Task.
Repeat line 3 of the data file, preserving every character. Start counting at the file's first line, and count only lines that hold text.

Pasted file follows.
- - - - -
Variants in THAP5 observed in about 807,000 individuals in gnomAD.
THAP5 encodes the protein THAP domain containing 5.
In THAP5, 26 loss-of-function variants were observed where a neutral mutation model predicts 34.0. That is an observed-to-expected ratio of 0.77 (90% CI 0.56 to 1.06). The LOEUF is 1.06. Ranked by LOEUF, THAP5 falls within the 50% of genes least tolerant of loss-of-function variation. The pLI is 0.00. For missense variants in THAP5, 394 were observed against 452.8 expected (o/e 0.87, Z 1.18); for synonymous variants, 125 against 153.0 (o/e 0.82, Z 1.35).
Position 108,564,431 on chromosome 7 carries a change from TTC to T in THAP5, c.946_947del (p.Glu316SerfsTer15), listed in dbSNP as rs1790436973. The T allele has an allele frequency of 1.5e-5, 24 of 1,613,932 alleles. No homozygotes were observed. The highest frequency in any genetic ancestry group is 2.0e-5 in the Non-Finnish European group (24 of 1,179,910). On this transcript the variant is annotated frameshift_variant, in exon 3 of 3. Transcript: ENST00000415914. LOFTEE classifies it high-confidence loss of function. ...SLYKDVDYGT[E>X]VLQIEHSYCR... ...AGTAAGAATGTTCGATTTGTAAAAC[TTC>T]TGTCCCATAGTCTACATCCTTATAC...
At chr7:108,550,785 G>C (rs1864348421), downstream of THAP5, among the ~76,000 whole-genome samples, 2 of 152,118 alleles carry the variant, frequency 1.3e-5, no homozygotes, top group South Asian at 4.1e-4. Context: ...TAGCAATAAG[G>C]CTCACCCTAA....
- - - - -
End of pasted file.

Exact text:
In THAP5, 26 loss-of-function variants were observed where a neutral mutation model predicts 34.0. That is an observed-to-expected ratio of 0.77 (90% CI 0.56 to 1.06). The LOEUF is 1.06. Ranked by LOEUF, THAP5 falls within the 50% of genes least tolerant of loss-of-function variation. The pLI is 0.00. For missense variants in THAP5, 394 were observed against 452.8 expected (o/e 0.87, Z 1.18); for synonymous variants, 125 against 153.0 (o/e 0.82, Z 1.35).